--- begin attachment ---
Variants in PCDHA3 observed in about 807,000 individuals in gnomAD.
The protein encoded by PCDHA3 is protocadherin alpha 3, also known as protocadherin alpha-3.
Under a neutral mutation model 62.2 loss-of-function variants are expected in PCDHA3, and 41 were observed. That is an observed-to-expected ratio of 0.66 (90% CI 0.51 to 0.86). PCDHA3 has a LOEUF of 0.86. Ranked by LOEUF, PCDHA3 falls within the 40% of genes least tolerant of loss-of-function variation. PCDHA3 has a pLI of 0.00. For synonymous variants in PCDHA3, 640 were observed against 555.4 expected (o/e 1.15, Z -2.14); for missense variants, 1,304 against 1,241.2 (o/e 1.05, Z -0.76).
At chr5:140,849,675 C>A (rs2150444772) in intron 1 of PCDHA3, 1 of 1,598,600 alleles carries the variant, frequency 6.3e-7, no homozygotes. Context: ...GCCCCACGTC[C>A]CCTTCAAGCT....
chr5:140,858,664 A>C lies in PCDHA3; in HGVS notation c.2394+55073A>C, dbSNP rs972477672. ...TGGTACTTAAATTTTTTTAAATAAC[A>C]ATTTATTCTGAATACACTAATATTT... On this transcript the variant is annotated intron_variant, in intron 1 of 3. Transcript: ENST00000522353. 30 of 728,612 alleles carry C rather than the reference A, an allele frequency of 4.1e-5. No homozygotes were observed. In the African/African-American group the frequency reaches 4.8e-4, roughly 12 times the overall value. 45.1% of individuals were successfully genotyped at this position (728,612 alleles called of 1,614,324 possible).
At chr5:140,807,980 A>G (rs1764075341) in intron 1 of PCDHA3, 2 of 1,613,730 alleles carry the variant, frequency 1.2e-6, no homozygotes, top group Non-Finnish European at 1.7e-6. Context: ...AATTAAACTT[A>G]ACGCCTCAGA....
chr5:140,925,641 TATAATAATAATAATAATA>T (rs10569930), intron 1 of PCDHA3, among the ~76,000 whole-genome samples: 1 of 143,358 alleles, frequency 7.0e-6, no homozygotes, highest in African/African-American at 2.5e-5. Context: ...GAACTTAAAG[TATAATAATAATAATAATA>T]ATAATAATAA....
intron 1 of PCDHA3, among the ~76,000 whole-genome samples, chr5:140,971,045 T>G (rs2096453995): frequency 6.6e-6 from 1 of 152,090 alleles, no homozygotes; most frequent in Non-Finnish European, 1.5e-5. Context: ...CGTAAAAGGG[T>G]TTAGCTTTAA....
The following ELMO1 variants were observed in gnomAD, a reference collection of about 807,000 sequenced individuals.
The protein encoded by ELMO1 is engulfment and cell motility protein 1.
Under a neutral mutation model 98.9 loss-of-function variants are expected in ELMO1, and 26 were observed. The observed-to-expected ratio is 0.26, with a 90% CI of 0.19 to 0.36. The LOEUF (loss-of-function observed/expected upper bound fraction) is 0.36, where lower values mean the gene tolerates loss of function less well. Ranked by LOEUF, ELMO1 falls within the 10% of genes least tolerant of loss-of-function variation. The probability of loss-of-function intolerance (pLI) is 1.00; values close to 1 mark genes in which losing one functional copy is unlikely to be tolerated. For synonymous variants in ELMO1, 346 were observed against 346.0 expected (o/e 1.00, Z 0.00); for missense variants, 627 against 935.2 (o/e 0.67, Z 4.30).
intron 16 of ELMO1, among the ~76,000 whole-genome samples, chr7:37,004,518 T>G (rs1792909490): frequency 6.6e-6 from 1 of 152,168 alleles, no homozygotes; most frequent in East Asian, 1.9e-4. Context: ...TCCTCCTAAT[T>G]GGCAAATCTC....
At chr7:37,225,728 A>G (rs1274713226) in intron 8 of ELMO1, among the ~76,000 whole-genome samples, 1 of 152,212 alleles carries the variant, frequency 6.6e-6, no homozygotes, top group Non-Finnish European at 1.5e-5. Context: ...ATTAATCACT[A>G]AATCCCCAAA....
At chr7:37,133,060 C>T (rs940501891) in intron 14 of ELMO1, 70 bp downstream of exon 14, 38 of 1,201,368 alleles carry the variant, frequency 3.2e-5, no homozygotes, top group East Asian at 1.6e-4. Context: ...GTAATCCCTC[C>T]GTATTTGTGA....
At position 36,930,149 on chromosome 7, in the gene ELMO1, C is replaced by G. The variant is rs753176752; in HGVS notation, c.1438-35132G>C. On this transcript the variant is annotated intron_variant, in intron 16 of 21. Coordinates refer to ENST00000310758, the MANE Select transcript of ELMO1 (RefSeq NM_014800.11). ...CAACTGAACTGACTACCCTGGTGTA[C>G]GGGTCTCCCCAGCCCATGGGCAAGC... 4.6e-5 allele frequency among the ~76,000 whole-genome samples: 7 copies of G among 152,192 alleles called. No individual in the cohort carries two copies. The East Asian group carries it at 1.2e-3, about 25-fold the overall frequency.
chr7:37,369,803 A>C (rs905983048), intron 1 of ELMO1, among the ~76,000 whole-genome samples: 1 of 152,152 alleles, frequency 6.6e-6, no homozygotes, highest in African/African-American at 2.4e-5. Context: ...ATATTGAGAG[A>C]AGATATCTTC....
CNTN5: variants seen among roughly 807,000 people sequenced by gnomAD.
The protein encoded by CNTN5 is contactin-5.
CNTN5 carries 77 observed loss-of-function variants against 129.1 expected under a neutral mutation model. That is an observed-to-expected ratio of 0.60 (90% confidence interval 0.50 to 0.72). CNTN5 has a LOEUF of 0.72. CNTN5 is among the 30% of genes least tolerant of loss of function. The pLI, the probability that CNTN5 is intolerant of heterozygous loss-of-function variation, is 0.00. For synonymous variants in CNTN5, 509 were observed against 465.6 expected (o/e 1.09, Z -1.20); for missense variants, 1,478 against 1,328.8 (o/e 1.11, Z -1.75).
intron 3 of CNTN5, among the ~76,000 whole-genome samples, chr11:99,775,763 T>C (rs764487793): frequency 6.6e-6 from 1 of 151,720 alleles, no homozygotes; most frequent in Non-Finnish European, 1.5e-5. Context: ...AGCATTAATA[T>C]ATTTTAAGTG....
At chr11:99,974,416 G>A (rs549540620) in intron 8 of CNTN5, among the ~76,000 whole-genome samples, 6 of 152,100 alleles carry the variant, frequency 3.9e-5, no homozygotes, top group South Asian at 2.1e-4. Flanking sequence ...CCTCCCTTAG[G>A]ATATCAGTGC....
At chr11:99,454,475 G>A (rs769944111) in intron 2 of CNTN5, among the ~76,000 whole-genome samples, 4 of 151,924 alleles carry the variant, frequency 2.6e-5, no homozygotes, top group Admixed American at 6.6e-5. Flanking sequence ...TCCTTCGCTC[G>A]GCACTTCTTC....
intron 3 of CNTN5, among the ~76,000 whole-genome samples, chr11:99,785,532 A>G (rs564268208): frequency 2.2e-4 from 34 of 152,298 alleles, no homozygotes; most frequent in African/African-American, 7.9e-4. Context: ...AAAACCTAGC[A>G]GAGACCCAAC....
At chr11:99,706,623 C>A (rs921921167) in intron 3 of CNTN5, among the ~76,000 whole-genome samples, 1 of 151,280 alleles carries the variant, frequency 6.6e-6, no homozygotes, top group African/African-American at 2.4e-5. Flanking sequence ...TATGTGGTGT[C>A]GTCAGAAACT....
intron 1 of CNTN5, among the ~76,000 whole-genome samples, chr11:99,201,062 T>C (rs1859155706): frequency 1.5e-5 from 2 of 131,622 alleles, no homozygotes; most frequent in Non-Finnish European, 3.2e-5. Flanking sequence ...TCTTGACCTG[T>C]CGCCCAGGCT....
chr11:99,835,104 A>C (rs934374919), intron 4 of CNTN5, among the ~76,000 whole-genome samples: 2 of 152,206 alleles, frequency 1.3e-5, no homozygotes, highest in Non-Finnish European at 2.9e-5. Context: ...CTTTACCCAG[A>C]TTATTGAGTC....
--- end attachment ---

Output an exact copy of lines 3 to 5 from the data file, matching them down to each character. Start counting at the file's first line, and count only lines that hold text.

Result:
Under a neutral mutation model 62.2 loss-of-function variants are expected in PCDHA3, and 41 were observed. That is an observed-to-expected ratio of 0.66 (90% CI 0.51 to 0.86). PCDHA3 has a LOEUF of 0.86. Ranked by LOEUF, PCDHA3 falls within the 40% of genes least tolerant of loss-of-function variation. PCDHA3 has a pLI of 0.00. For synonymous variants in PCDHA3, 640 were observed against 555.4 expected (o/e 1.15, Z -2.14); for missense variants, 1,304 against 1,241.2 (o/e 1.05, Z -0.76).
At chr5:140,849,675 C>A (rs2150444772) in intron 1 of PCDHA3, 1 of 1,598,600 alleles carries the variant, frequency 6.3e-7, no homozygotes. Context: ...GCCCCACGTC[C>A]CCTTCAAGCT....
chr5:140,858,664 A>C lies in PCDHA3; in HGVS notation c.2394+55073A>C, dbSNP rs972477672. ...TGGTACTTAAATTTTTTTAAATAAC[A>C]ATTTATTCTGAATACACTAATATTT... On this transcript the variant is annotated intron_variant, in intron 1 of 3. Transcript: ENST00000522353. 30 of 728,612 alleles carry C rather than the reference A, an allele frequency of 4.1e-5. No homozygotes were observed. In the African/African-American group the frequency reaches 4.8e-4, roughly 12 times the overall value. 45.1% of individuals were successfully genotyped at this position (728,612 alleles called of 1,614,324 possible).